Wolf who fills himself with all who die and will swallow the heavenly bodies

Dear Internet,
Sometimes there are no words to express what is going on in my head, so I’ve made the executive decision to use animated gifs instead.
David Tennant Crying in the Rain
The last few weeks have been a shit hole of catastrophe in my brain.
When I started back to work after my lay up, Dr. H. was of the mind that since Concerta only seemed to work some time, I needed to try something else to find something that worked all the time. The following Monday, I went up to two Adderall XR in the morning, with no effect. Spoke with Dr. H. that evening and he moved me back to Concerta 36mg. Tuesday was fine. Wednesday, I was an idiot and accidentally took double my Concerta dosage in the morning, so instead of 36mg, I was high as a kite on 72mg. I immediately dosed myself with Klonopin to keep me more even and brought the bottle with me to work.
By mid-day Wednesday, I was quietly having a meltdown in my office. I was reading something about something and got so intensely frustrated, I wanted to start punching holes in the brick walls. I kept myself together by duct tape and string. Thursday, my dosage was normal but I was so tired, I broke my no-caffeine rule and drank a Coke that evening to just get over the hump. Friday was much the same as Thursday. Saturday, I was heading to MSU as a panelist at the MSU Comics Forum.
Even after taking my regular dosage and my lithium early on Saturday morning, I could not function. I had to drink a Coke to keep awake to drive to Lansing and by the time our panel came up, I was manic in my head. Kristin and I were supposed to head to Gizzard City for dinner but I felt so whacked out, I didn’t know if I could make the 1/2 hour drive to the restaurant  eat, and then drive home. So I bailed and drove home on a wing and a prayer.
Sunday was glorious. I felt like my body had finally been reset. Monday, I spoke to Dr. H. and he was concerned about Concerta’s effects during the week so we’re going to try Adderall XR again except this time, we’re going to split the dose: half in early morning, second half later part of the morning. Makes sense. I’m on spring break, let’s give it a try.
Didn’t work.
Not only did the Adderall XR do nothing for me, but it turned me into this moody, depressed, state of an animal. I didn’t want to leave the house, I didn’t want to hang out with friends, I didn’t want to do things with my husband. I just wanted to wallow in bed and watch terrible TV.  So the long ago set plans to do something on spring break week were all mostly broken. When I was feeling up to doing something, it was mostly writing and working on my cadre of websites. Except, there were massive problems on my host providers end and my website couldn’t stabilized all fucking week. 504 and 502 errors all over the place. Which wasn’t super helpful when this happened:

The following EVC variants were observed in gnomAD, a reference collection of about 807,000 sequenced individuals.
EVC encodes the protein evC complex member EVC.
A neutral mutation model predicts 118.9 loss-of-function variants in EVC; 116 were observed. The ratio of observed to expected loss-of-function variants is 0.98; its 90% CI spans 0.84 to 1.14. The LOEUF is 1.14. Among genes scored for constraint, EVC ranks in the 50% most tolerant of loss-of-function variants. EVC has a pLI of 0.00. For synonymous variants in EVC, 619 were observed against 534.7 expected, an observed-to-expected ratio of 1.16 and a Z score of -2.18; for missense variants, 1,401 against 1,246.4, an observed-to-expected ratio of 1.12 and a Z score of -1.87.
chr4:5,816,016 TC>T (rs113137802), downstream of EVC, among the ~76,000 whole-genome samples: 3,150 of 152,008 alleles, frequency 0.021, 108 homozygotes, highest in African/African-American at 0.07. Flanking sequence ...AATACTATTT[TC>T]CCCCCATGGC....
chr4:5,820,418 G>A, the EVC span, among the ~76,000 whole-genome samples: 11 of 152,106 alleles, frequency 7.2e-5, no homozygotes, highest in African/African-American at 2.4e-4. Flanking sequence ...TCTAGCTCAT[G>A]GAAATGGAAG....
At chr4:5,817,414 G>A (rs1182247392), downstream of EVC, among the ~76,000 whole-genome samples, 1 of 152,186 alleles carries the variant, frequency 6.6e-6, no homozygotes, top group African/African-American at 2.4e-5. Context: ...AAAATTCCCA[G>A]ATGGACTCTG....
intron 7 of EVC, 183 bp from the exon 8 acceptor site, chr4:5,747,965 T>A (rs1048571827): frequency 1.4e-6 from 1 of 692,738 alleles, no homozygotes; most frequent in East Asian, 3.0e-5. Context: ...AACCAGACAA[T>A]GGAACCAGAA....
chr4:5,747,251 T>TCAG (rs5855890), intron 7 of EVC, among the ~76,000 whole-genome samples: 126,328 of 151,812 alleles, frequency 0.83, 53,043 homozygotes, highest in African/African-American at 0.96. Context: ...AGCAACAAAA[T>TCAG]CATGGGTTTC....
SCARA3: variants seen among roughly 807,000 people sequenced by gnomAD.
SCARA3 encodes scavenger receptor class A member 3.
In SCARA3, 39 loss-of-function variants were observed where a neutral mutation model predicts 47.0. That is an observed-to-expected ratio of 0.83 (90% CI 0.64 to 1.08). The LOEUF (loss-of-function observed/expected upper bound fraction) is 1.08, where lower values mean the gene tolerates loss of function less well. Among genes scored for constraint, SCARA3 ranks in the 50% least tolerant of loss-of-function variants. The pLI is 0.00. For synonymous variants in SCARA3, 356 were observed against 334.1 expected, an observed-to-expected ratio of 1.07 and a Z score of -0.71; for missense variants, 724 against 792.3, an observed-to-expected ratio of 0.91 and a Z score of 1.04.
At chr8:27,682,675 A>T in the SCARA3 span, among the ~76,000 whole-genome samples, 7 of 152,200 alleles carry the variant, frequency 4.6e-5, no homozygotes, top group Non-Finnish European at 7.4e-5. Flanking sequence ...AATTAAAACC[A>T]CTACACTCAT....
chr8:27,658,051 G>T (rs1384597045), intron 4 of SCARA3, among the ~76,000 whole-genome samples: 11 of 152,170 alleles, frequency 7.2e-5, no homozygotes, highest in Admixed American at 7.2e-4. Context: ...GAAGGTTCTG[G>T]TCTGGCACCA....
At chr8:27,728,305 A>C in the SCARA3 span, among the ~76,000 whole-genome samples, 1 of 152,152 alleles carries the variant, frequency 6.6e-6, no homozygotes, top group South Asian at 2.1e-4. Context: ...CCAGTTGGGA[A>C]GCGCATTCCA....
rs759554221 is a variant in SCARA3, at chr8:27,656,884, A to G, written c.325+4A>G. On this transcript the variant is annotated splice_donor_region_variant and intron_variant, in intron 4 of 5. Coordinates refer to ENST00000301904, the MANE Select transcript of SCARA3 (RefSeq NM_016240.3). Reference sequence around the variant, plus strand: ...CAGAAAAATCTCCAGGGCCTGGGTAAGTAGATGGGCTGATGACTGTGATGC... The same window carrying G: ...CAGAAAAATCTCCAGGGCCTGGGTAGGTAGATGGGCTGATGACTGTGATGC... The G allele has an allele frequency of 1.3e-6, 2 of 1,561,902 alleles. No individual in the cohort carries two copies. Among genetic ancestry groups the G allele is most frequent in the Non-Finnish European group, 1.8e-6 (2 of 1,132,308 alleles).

amandapalmerRT
TheHusband wanted me to stop taking the Adderall XR and I refused. I had to see if I could finally metabolize the drug AND I had a phone appointment with Dr. H. on Friday (yesterday). I’ll be fine.
Except, I wasn’t.
During my phone consult on Friday evening, I was nearly hysterical. Dr. H. had no idea why this was happening because chemically, Adderall XR isn’t supposed to effect serotonin levels. But obviously something was happening because it was fucking mess in my brain.
Here is how it is supposed to work:
I take Lithium (1200 mg, half in the morning, half at night) as a mood stabilizer.  With my mood stabilized (and I get blood drawn to check my Lithium levels every couple of weeks), the ADHD drugs work better. If I feel too amped up or I can’t sleep, I take Klonopin as needed. When the ADHD drugs don’t feel like they are working, then we ramp up the Lithium. Except now I’m at the therapeutic levels of Lithium (known via the blood tests) so I can’t amp that up, so we have to work on the ADHD drugs.
Or go on anti-depressants for more stabilization to make the ADHD drugs work better.
Which I’m rejecting.
A decade or so ago, I was seeing a medicating therapist when I lived in DC area, who decided to cycle me through almost all known (to her) permutations of various SSRIs/Anti-$whatevers in her drug book. So if X combination did not work, then, we’ll try something else! Then try something else! Then try something else!
The hitch in this giddy up is I metabolize drugs fairly quickly. For SSRIs, if it takes 14-21 days before the drug stabilizes  on me, it could take as little as 7. Rather than up/down the dosage, she just changed me to something else. I was cycled through so much, over the course of six months, my life fell apart. Granted, the relationship I was in then was already on the rocks, but everything else that may have been okay such as job, professional and personal relationships were all hit hard by this. It was fucking terrible and a fucking nightmare
The other hitch is I’m one of the rare cases of people who get suicidal thoughts on anti-depressants.  I’ve been on varying doses of:

  • Wellabutrin
  • Effexor
  • Celexa
  • Prozac
  • Paxil
  • Zoloft

XR or not, doesn’t matter. On or off Lithium, doesn’t matter. I start taking an anti-depressant, I want to kill myself.
When I went off the drugs a decade ago, I swore I would do whatever was necessary to stay OFF the drugs. Change diet, living, jobs, whatever, I’d do it. But DBT and yoga  can only do so much; I recognized I needed to be more proactive in my mental health. But this last few weeks has shown me glimpses of what that life was like a decade ago, and it is NOT one I want to repeat. I have too much at stake to lose all of it due to my fucking terrible brain chemistry.